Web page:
The Springboks will play five Tests before opening their 2019 Rugby World Cup campaign against New Zealand, and Rassie Erasmus is on record stating that his 31-man RWC squad is 80 percent settled.
The Bok coach will field his strongest available line-ups for the Rugby Championship clashes against Australia and New Zealand in July. It’s conceivable he’ll do the same when the Springboks take on Japan on 6 September in preparation for the looming All Blacks encounter at the International Stadium Yokohama.
That leaves two matches against Argentina in August as opportunities for exploring options to decide on the remaining 20 percent.
Even the best-laid World Cup plans can be sundered by injuries, loss of form or an unwarranted red card. So it’s vital Erasmus uses the time he has left to plug holes with more than just stop-gap measures. With that in mind, here’s a list of players yet to be utilised by Erasmus who could complete the puzzle making for a battle-hardened squad:
Malcolm Marx and Bongi Mbonambi are the top two. Erasmus is fond of Schalk Brits’ experience and gees. But Brits hasn’t had much game time and his 37-year-old body will need to keep on trucking. His recent scuffle with Akker van Der Merwe and their subsequent bans also couldn’t have done either player any favours in their quest to impress selectors.
It’s true that experience wins World Cups and the importance of sound technical rake play means veteran Bismarck du Plessis must be seen as a strong choice to join his brother-in-arms Tendai Mtawarira for a swansong.
Siya Kolisi, Pieter-Steph du Toit and Duane Vermeulen are the first-choice loose trio. Erasmus has also employed Francois Louw, Warren Whiteley and Sikhumbuzo Notshe. But, despite Whiteley’s leadership credentials and Notshe’s verve, only Flo boasts genuine and crucial utility value.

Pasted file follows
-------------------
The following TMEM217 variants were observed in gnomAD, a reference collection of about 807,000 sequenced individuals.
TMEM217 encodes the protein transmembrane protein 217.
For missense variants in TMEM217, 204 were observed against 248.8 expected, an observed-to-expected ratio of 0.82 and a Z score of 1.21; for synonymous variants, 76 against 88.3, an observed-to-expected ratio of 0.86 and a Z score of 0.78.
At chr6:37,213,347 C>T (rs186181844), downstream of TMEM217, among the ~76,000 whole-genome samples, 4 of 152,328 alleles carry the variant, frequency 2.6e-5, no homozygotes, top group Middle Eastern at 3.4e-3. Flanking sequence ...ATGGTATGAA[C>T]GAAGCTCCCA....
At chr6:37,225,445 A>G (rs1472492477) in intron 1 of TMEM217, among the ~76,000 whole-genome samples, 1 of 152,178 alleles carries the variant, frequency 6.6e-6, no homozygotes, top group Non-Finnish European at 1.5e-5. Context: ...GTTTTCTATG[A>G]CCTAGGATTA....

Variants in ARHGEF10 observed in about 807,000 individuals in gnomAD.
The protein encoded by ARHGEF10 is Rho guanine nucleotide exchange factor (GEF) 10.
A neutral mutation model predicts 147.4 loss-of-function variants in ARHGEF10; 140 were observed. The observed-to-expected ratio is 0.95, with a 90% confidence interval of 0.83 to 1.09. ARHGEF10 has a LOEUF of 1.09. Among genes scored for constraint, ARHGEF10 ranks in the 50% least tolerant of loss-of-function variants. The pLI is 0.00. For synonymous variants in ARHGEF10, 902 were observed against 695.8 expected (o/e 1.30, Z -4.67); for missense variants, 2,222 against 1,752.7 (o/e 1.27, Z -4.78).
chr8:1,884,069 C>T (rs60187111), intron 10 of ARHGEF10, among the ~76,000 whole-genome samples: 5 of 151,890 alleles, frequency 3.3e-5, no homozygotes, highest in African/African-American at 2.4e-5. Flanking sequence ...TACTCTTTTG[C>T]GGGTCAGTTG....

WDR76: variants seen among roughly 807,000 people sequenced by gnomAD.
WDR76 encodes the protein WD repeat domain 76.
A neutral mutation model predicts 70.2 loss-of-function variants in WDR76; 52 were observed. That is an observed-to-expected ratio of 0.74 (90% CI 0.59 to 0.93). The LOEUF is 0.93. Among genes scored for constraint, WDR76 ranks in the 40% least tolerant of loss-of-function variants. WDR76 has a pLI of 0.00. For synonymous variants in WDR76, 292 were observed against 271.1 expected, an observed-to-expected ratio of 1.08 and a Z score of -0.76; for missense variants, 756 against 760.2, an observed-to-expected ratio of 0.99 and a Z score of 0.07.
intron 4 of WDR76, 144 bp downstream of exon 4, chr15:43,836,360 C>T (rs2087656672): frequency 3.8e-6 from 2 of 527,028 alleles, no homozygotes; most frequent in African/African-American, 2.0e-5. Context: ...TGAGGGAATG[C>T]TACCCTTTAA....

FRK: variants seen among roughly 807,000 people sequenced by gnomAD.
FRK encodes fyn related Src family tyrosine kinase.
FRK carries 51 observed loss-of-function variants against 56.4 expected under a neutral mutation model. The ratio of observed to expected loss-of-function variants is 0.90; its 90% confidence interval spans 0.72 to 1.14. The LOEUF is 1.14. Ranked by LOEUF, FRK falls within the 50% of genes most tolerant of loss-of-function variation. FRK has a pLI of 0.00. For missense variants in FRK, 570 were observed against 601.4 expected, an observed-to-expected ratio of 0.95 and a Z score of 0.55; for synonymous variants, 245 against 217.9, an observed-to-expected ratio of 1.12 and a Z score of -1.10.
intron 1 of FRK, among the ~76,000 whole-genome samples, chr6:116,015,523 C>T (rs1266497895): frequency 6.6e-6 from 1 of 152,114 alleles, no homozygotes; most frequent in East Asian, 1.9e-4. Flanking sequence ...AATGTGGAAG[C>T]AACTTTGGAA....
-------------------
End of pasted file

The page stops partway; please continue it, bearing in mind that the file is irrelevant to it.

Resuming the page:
Under Erasmus at Test level, Flo has offered dogged grit but then he’s also looked a bit off the pace at times. The fit-again Marcell Coetzee and Jaco Kriel must be given their chance to secure a spot. Both are capable of explosive performances across the back row.
Faf de Klerk is in the pilot seat. Embrose Papier is growing as his deputy. But Louis Schreuder, Ross Cronje and Ivan van Zyl haven’t really shot the lights out.
Francois Hougaard has the experience and versatility. Yet the scintillating form of Cobus Reinach in the English Premiership is tough to ignore.
Jesse Kriel and Lukhanyo Am are firing on all cylinders. Damian de Allende is difficult to contain when in form. Lionel Mapoe is at his instinctive best when playing with Elton Jantjies, but he and Andre Esterhuizen have yet to do enough at Test level to convince.
Jan Serfontein has impressed when playing for the Boks. Savvy Erasmus would do well to link up the 35-capped Springbok inside centre with his former Bulls 10 and 13.
Patrick Lambie’s forced retirement may have scuppered some plans. Curwin Bosch and Damian Willemse have shown promise. But both are being employed mostly at 15 by their franchises and Erasmus has pointed out that no flyhalf under the age of 24 has won a World Cup.
Erasmus needs an experienced game manager and a calming influence to step in if anything were to happen to Handre Pollard or Jantjies, or indeed to Willie Le Roux at fullback, given the relative inexperience of the Springbok’s first choice wings.
Johan Goosen or Frans Steyn can provide stability across the backline. Steyn is a World Cup winner, has over 50 Bok caps and is the more imposing presence.
Erasmus also has to consider meeting the 50 percent transformation target. Will there be significant selections in this regard for the second Test against Argentina in Pretoria on 17 August?
It will be interesting to see how the Springbok brains-trust balances all these factors as the Rugby World Cup draws near.
FRESH TAKE is an initiative to identify, feature and develop talented rugby writers who are not yet part of the mainstream media. If that sounds like you, send us a sample of a story you’d like to write to email@example.com